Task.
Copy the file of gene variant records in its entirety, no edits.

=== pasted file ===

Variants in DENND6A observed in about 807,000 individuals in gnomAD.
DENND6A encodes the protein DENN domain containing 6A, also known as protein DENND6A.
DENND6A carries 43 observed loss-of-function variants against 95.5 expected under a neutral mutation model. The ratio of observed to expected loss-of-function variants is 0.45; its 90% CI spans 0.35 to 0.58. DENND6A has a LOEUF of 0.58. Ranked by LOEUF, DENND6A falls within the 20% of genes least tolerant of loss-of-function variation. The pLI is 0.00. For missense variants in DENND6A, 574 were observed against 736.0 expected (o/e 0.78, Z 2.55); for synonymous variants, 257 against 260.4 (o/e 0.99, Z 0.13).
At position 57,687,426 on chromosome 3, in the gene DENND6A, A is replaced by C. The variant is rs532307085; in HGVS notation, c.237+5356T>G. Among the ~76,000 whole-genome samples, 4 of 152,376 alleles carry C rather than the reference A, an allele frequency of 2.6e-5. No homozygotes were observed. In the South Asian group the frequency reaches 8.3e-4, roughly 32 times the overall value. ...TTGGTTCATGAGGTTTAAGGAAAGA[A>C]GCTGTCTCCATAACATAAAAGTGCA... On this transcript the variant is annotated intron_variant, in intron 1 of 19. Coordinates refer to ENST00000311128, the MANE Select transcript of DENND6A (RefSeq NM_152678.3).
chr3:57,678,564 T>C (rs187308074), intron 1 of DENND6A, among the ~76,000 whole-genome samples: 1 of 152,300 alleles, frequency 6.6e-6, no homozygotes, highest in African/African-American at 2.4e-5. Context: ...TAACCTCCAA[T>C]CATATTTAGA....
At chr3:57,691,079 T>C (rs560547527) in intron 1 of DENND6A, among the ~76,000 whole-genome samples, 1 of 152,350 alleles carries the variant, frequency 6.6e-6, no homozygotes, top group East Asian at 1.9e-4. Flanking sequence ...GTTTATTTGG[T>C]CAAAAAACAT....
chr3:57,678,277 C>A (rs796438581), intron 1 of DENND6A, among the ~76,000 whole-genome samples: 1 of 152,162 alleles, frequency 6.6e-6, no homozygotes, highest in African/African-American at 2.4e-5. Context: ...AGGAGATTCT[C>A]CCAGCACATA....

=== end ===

Variants in DENND6A observed in about 807,000 individuals in gnomAD.
DENND6A encodes the protein DENN domain containing 6A, also known as protein DENND6A.
DENND6A carries 43 observed loss-of-function variants against 95.5 expected under a neutral mutation model. The ratio of observed to expected loss-of-function variants is 0.45; its 90% CI spans 0.35 to 0.58. DENND6A has a LOEUF of 0.58. Ranked by LOEUF, DENND6A falls within the 20% of genes least tolerant of loss-of-function variation. The pLI is 0.00. For missense variants in DENND6A, 574 were observed against 736.0 expected (o/e 0.78, Z 2.55); for synonymous variants, 257 against 260.4 (o/e 0.99, Z 0.13).
At position 57,687,426 on chromosome 3, in the gene DENND6A, A is replaced by C. The variant is rs532307085; in HGVS notation, c.237+5356T>G. Among the ~76,000 whole-genome samples, 4 of 152,376 alleles carry C rather than the reference A, an allele frequency of 2.6e-5. No homozygotes were observed. In the South Asian group the frequency reaches 8.3e-4, roughly 32 times the overall value. ...TTGGTTCATGAGGTTTAAGGAAAGA[A>C]GCTGTCTCCATAACATAAAAGTGCA... On this transcript the variant is annotated intron_variant, in intron 1 of 19. Coordinates refer to ENST00000311128, the MANE Select transcript of DENND6A (RefSeq NM_152678.3).
chr3:57,678,564 T>C (rs187308074), intron 1 of DENND6A, among the ~76,000 whole-genome samples: 1 of 152,300 alleles, frequency 6.6e-6, no homozygotes, highest in African/African-American at 2.4e-5. Context: ...TAACCTCCAA[T>C]CATATTTAGA....
At chr3:57,691,079 T>C (rs560547527) in intron 1 of DENND6A, among the ~76,000 whole-genome samples, 1 of 152,350 alleles carries the variant, frequency 6.6e-6, no homozygotes, top group East Asian at 1.9e-4. Flanking sequence ...GTTTATTTGG[T>C]CAAAAAACAT....
chr3:57,678,277 C>A (rs796438581), intron 1 of DENND6A, among the ~76,000 whole-genome samples: 1 of 152,162 alleles, frequency 6.6e-6, no homozygotes, highest in African/African-American at 2.4e-5. Context: ...AGGAGATTCT[C>A]CCAGCACATA....